Tag Archives: Pakistan

We’re Not Proud

9 Nov

From November 9th at Cinema & Co, Swansea, the new BogArt exhibition by me and Patti McJones.

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Art is mostly exhibited in galleries and museums that can be quite intimidating to many people, so Patti and I took up an offer by Anna, the owner of Cinema & Co, to use her substantial toilets to exhibit some of our work. We call it BogArt – art in the bogs – and it’s very democratic because people don’t have to go to a gallery but everyone has to go to the toilet. We’re not too proud to show our work here.

The work will be up for a few months but please look at Cinema and Co’s website for opening times. And here’s a short film of us talking about it …

 

 

 

 

Heads On Show

4 Nov

Pakistan suite small

I did this suite of portrait heads based on drawings from my first visit to Pakistan a few years back. I used polyurethane foamboard, the sort used by signwriters, instead of lino or wood. The block below is the one on the left in the middle row above, inked up and printed.

flotex head

They’ve never been exhibited as a group before but they will be very soon, in Swansea’s Cinema & Co from this coming Saturday, November 9th.

It’s Physical!

11 Mar

Here Be Dragons small

Here Be Dragons – March 26th at 9pm on Sky Arts TV channel.

Finally, the end of all the months of work! The programmes showing over 50 commissioned artists across the UK are being aired during the week beginning March 25th and the film featuring me and my work is on Tuesday, March 26th at 9pm.

2 inking up

I was commissioned to come up with a new flag for Britain and I made sure that Wales is on this one. Please follow the links here and here to read more.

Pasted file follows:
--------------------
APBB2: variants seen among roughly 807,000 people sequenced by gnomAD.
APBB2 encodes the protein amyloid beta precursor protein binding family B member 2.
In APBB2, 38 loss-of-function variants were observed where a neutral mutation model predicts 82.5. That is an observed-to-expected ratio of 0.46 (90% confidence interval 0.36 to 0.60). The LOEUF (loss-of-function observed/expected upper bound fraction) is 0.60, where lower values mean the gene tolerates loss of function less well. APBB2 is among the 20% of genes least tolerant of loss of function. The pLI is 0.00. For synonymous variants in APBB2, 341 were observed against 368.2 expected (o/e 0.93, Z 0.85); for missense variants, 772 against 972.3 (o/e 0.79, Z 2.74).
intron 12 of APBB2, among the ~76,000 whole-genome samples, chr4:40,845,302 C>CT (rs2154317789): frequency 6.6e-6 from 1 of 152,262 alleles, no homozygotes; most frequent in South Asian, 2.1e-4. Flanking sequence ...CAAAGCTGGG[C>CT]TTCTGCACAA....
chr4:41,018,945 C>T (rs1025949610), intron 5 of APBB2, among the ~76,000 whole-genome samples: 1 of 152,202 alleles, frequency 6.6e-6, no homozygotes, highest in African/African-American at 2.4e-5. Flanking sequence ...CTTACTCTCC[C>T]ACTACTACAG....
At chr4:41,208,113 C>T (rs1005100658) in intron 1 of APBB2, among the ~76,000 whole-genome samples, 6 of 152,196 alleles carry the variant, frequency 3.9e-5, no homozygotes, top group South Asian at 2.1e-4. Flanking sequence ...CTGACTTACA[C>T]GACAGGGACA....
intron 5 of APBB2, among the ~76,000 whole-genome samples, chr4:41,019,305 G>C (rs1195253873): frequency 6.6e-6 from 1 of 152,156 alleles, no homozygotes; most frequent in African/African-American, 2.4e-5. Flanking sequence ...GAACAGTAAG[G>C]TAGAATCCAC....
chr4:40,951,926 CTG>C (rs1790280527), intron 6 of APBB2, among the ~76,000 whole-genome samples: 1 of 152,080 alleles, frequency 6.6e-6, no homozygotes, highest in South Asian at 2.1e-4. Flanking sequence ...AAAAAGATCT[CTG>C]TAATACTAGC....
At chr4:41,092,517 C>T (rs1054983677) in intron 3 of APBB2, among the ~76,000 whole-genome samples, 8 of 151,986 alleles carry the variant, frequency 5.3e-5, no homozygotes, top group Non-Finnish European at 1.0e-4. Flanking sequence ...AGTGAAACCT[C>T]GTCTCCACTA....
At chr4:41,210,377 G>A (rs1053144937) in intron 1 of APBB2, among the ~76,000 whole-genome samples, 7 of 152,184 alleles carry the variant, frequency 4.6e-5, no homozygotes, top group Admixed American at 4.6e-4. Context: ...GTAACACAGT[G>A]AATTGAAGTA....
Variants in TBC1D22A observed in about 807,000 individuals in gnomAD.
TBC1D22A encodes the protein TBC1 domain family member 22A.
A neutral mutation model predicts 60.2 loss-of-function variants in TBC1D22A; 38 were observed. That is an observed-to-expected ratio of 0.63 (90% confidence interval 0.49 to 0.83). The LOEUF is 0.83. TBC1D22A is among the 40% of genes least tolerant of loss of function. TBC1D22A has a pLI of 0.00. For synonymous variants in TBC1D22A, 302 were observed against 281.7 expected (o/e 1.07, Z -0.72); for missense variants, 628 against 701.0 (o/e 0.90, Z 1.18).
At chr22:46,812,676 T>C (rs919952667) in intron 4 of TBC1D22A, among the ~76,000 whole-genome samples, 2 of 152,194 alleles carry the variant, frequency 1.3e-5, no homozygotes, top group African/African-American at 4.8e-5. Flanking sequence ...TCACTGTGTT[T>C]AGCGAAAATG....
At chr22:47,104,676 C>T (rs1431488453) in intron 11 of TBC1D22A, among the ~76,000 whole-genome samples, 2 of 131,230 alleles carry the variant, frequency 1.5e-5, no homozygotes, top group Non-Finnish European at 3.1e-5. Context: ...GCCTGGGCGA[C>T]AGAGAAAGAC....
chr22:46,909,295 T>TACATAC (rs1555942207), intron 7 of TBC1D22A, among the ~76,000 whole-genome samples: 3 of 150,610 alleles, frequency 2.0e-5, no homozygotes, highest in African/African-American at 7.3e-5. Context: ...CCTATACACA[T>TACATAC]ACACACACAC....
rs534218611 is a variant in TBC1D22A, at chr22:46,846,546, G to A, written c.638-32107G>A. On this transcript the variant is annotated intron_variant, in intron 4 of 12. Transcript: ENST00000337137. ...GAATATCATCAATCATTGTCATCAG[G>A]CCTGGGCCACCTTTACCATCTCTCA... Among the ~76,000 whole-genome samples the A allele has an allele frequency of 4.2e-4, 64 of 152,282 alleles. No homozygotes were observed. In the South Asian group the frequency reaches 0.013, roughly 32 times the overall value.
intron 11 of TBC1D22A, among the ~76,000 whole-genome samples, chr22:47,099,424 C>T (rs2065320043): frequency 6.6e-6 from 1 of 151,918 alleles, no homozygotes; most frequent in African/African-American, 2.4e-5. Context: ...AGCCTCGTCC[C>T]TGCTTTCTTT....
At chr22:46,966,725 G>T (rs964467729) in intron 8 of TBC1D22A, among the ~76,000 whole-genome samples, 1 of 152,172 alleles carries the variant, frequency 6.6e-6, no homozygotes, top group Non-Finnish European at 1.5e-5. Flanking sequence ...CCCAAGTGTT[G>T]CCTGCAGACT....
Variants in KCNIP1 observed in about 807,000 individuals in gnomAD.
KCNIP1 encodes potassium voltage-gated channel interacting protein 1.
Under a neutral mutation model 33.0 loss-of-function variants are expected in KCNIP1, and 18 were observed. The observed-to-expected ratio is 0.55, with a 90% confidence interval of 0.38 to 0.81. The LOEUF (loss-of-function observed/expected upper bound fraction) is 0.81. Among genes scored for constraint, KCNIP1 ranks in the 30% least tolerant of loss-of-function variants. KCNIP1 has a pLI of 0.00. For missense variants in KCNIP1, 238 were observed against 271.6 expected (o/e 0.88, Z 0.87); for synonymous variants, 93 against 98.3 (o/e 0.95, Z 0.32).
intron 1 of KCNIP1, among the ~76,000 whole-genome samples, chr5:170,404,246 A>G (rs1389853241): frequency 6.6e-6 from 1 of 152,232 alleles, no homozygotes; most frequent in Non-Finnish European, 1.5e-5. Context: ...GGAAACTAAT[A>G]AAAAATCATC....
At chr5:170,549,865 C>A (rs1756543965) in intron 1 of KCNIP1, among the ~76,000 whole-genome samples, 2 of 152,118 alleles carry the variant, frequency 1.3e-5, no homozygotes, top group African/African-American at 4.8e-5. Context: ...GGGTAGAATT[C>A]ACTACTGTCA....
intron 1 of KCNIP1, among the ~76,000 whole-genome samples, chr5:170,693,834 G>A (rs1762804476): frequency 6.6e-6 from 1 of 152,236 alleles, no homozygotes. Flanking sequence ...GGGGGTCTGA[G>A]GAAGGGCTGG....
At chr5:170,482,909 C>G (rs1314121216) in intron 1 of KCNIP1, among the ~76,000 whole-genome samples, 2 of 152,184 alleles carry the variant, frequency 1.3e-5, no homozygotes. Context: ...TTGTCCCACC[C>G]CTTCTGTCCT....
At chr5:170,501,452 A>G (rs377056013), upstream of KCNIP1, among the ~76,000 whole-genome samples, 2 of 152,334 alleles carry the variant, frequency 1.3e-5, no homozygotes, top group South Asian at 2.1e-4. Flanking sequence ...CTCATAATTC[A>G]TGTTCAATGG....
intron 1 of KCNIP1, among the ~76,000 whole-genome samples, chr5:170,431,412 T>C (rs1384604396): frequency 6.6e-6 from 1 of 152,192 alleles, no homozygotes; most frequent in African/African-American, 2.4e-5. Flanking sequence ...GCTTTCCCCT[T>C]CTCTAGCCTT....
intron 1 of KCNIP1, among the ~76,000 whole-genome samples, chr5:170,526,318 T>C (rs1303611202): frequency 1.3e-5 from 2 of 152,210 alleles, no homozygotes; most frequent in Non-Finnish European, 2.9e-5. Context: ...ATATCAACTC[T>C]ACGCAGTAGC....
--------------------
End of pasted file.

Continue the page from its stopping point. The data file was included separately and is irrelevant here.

Here’s the block of MDF while I was inking it up. It’s 80 x 100 centimetres, took about 3 weeks to cut, although I couldn’t physically do more than about 3 hours a day because my hand and arm started seizing up. Many people don’t realise just how physical art is and the toll it can take on your body. When I was travelling in Pakistan a while back I visited an art school where some of the students specialised in classical miniature painting. Their lecturer told us that years ago, the artists would develop a distinctive deformation of the spine because of the way they sat and painted and eyesight problems were common. They use ergonomic chairs and daylight lamps now to stay safe and healthy.

 

Returning Children

23 Jul

afghan-refugee-children

I usually work from drawings done from life, only occasionally from a photograph and this is one of the rare original prints, a monotype, done entirely from a photo. I took the original image on a digital camera when I first visited Pakistan back in 2007, an amazing, life-changing journey. We travelled up the Khyber Pass, with an armed guard, and I saw this refugee family returning to Afghanistan. The security situation was much better then and I often wonder what happened to them, whether they were able to stay or whether they had to leave their home again. If you want to see how this monotype technique is done, click here….  I’m also running a short course in it at Swansea Print Workshop, please check on the right …..

Talk Turned Geeky

17 Apr

SONY DSC

Husb and I had a teatime visit from friends today and, as one of them is a fellow printmaker, the talk turned geeky. She noticed a number of my blockprinted portrait heads on the wall and we chatted about materials and techniques. Instead of the traditional lino or wood, or even modern vinyl, I used signwriters PVC foam sheet called Foamex. Lots of signwriters around here use it and chuck away the offcuts so it’s easy to get hold of them for free and recycle it.

flotex head

It’s not easy to cut with conventional tools, it works better if you incise the surface. I used screwdrivers, chisels, ballpoint pen and a four-inch screw which I used to incise lines against a steel rule. Then I cut around the edge with a junior hacksaw and printed it up with black litho/relief oil-based ink onto Zercoll 145gsm paper using the Colombian Press at Swansea Print Workshop.

If you want to see more of these portrait heads, which I based on drawings I made during my first visit to Pakistan, please click here.

A Happy Accident

11 Apr

accidental